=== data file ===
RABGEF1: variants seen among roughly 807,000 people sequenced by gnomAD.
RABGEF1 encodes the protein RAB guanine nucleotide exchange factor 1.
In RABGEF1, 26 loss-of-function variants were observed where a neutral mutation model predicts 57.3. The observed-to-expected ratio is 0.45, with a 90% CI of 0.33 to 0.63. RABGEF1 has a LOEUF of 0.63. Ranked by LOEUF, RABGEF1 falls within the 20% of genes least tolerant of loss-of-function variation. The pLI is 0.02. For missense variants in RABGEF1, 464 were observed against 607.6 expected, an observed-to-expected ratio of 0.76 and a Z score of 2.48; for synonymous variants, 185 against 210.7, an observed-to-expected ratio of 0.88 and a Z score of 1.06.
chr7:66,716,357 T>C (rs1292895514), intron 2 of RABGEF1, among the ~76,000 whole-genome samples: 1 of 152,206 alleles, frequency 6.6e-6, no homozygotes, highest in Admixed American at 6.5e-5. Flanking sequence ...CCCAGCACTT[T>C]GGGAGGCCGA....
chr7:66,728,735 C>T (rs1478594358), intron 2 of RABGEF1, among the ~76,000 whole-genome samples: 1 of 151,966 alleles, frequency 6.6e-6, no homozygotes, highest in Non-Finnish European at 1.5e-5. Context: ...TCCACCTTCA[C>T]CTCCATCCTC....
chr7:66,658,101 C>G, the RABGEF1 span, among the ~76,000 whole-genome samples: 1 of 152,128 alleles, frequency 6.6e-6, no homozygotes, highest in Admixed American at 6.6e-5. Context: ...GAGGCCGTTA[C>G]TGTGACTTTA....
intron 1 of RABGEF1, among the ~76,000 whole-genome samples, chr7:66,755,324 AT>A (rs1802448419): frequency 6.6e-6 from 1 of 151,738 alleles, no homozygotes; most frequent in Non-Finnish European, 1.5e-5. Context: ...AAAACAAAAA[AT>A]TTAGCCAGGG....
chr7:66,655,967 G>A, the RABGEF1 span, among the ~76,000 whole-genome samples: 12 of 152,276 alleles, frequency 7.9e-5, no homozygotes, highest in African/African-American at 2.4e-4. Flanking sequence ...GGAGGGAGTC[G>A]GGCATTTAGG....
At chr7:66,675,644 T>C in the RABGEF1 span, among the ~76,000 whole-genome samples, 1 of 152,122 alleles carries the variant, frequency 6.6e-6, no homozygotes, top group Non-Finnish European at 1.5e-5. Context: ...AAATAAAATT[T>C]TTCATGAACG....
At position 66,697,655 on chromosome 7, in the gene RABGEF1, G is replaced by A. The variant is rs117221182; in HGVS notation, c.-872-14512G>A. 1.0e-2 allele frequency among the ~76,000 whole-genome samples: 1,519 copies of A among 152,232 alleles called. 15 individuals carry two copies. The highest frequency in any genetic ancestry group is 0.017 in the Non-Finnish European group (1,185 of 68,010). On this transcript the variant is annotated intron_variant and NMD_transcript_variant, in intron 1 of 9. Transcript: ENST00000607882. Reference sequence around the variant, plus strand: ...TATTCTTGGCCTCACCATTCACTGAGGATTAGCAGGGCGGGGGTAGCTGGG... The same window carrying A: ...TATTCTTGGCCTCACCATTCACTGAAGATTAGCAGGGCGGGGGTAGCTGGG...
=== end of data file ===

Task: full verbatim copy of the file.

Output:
RABGEF1: variants seen among roughly 807,000 people sequenced by gnomAD.
RABGEF1 encodes the protein RAB guanine nucleotide exchange factor 1.
In RABGEF1, 26 loss-of-function variants were observed where a neutral mutation model predicts 57.3. The observed-to-expected ratio is 0.45, with a 90% CI of 0.33 to 0.63. RABGEF1 has a LOEUF of 0.63. Ranked by LOEUF, RABGEF1 falls within the 20% of genes least tolerant of loss-of-function variation. The pLI is 0.02. For missense variants in RABGEF1, 464 were observed against 607.6 expected, an observed-to-expected ratio of 0.76 and a Z score of 2.48; for synonymous variants, 185 against 210.7, an observed-to-expected ratio of 0.88 and a Z score of 1.06.
chr7:66,716,357 T>C (rs1292895514), intron 2 of RABGEF1, among the ~76,000 whole-genome samples: 1 of 152,206 alleles, frequency 6.6e-6, no homozygotes, highest in Admixed American at 6.5e-5. Flanking sequence ...CCCAGCACTT[T>C]GGGAGGCCGA....
chr7:66,728,735 C>T (rs1478594358), intron 2 of RABGEF1, among the ~76,000 whole-genome samples: 1 of 151,966 alleles, frequency 6.6e-6, no homozygotes, highest in Non-Finnish European at 1.5e-5. Context: ...TCCACCTTCA[C>T]CTCCATCCTC....
chr7:66,658,101 C>G, the RABGEF1 span, among the ~76,000 whole-genome samples: 1 of 152,128 alleles, frequency 6.6e-6, no homozygotes, highest in Admixed American at 6.6e-5. Context: ...GAGGCCGTTA[C>G]TGTGACTTTA....
intron 1 of RABGEF1, among the ~76,000 whole-genome samples, chr7:66,755,324 AT>A (rs1802448419): frequency 6.6e-6 from 1 of 151,738 alleles, no homozygotes; most frequent in Non-Finnish European, 1.5e-5. Context: ...AAAACAAAAA[AT>A]TTAGCCAGGG....
chr7:66,655,967 G>A, the RABGEF1 span, among the ~76,000 whole-genome samples: 12 of 152,276 alleles, frequency 7.9e-5, no homozygotes, highest in African/African-American at 2.4e-4. Flanking sequence ...GGAGGGAGTC[G>A]GGCATTTAGG....
At chr7:66,675,644 T>C in the RABGEF1 span, among the ~76,000 whole-genome samples, 1 of 152,122 alleles carries the variant, frequency 6.6e-6, no homozygotes, top group Non-Finnish European at 1.5e-5. Context: ...AAATAAAATT[T>C]TTCATGAACG....
At position 66,697,655 on chromosome 7, in the gene RABGEF1, G is replaced by A. The variant is rs117221182; in HGVS notation, c.-872-14512G>A. 1.0e-2 allele frequency among the ~76,000 whole-genome samples: 1,519 copies of A among 152,232 alleles called. 15 individuals carry two copies. The highest frequency in any genetic ancestry group is 0.017 in the Non-Finnish European group (1,185 of 68,010). On this transcript the variant is annotated intron_variant and NMD_transcript_variant, in intron 1 of 9. Transcript: ENST00000607882. Reference sequence around the variant, plus strand: ...TATTCTTGGCCTCACCATTCACTGAGGATTAGCAGGGCGGGGGTAGCTGGG... The same window carrying A: ...TATTCTTGGCCTCACCATTCACTGAAGATTAGCAGGGCGGGGGTAGCTGGG...